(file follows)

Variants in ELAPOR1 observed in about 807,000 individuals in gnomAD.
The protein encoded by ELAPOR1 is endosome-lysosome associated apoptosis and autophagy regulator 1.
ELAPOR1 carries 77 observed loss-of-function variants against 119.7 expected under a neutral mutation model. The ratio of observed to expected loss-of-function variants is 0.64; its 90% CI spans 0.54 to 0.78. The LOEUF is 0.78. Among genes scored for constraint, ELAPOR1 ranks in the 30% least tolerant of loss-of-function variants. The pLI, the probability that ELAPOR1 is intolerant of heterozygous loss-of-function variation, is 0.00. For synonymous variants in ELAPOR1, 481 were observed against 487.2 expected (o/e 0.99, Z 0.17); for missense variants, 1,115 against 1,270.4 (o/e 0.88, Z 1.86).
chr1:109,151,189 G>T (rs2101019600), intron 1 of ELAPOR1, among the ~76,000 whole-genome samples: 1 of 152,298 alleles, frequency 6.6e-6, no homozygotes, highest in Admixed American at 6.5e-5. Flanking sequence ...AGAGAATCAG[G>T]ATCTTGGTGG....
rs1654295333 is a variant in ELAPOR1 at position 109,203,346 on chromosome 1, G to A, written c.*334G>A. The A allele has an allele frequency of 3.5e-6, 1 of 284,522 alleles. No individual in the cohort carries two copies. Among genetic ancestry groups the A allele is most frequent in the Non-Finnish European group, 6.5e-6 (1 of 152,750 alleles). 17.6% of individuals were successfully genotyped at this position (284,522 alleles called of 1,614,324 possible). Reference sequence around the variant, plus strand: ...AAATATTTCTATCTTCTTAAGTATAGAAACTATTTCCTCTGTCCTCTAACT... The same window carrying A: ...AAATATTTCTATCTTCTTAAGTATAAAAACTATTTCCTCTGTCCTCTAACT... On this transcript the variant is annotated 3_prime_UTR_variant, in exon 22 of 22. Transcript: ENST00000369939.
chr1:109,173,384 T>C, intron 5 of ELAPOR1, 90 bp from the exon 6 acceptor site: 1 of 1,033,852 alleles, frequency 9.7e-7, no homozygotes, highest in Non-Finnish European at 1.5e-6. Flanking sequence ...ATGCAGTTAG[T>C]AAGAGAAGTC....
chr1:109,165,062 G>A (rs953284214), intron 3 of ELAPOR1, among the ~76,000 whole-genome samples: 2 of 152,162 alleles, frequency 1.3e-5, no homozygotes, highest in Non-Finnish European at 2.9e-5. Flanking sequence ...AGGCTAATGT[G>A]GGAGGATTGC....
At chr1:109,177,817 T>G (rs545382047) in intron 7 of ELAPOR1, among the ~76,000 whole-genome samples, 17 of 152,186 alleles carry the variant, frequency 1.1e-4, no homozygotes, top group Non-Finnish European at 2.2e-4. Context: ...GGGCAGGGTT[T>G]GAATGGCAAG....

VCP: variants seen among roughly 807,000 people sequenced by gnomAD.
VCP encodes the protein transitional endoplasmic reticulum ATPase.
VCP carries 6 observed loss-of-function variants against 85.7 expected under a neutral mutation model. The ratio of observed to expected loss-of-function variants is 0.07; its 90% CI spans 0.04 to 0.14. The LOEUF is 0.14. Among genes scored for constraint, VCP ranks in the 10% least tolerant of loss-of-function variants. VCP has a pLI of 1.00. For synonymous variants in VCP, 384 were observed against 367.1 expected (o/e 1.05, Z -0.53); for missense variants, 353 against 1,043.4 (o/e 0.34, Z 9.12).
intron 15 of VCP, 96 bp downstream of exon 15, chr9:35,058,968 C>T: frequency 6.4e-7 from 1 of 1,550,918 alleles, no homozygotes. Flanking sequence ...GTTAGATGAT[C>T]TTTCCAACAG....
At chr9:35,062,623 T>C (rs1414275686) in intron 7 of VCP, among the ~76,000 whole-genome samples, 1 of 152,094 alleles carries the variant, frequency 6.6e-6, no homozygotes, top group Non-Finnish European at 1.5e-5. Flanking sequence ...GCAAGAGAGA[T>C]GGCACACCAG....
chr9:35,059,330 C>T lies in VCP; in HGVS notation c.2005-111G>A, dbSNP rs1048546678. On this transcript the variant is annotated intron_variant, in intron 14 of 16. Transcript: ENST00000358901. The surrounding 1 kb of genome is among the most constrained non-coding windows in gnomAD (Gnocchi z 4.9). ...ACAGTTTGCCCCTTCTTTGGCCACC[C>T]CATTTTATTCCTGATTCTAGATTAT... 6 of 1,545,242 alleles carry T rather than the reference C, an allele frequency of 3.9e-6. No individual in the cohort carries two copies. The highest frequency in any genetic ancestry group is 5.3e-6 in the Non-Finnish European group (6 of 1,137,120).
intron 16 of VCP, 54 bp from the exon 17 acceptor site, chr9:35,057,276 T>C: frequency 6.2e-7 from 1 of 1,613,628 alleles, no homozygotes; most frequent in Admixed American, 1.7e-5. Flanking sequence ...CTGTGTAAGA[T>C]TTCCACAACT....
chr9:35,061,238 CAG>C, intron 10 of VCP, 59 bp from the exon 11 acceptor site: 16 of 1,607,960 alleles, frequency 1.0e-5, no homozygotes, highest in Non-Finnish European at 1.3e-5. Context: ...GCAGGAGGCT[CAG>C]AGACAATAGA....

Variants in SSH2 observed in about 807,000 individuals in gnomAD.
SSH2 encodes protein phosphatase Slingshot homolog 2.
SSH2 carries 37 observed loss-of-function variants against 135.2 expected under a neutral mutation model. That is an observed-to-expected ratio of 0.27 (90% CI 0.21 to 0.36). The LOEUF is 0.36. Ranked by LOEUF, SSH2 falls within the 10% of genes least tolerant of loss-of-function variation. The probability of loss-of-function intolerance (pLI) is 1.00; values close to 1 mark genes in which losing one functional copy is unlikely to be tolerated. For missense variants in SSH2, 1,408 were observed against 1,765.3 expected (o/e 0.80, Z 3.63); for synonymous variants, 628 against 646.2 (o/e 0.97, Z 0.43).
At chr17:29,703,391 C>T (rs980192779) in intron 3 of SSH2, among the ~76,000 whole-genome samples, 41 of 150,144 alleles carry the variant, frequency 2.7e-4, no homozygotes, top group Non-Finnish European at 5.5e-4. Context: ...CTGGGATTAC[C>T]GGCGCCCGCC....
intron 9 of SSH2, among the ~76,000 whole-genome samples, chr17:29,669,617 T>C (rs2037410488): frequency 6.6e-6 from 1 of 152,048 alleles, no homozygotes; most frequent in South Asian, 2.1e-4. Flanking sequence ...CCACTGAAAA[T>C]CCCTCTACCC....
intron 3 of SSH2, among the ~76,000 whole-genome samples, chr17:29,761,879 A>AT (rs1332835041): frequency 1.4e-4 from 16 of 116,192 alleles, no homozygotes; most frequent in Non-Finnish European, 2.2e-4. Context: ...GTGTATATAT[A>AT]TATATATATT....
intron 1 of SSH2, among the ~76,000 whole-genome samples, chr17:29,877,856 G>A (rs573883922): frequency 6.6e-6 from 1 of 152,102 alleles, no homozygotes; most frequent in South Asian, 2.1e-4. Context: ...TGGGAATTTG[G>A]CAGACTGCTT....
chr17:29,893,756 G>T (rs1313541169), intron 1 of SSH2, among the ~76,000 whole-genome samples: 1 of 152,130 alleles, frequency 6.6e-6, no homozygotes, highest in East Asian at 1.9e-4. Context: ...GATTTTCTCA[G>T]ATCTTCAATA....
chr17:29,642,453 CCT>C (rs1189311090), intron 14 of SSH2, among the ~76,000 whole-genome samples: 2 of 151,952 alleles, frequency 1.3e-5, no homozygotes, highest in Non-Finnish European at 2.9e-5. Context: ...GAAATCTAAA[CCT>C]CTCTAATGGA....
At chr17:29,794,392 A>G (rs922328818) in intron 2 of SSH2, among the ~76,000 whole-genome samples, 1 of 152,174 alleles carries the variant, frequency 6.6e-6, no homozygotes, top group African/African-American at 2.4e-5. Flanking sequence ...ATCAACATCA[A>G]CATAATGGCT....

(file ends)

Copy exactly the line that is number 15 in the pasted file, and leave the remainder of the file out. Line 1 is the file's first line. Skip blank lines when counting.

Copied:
intron 16 of VCP, 54 bp from the exon 17 acceptor site, chr9:35,057,276 T>C: frequency 6.2e-7 from 1 of 1,613,628 alleles, no homozygotes; most frequent in Admixed American, 1.7e-5. Flanking sequence ...CTGTGTAAGA[T>C]TTCCACAACT....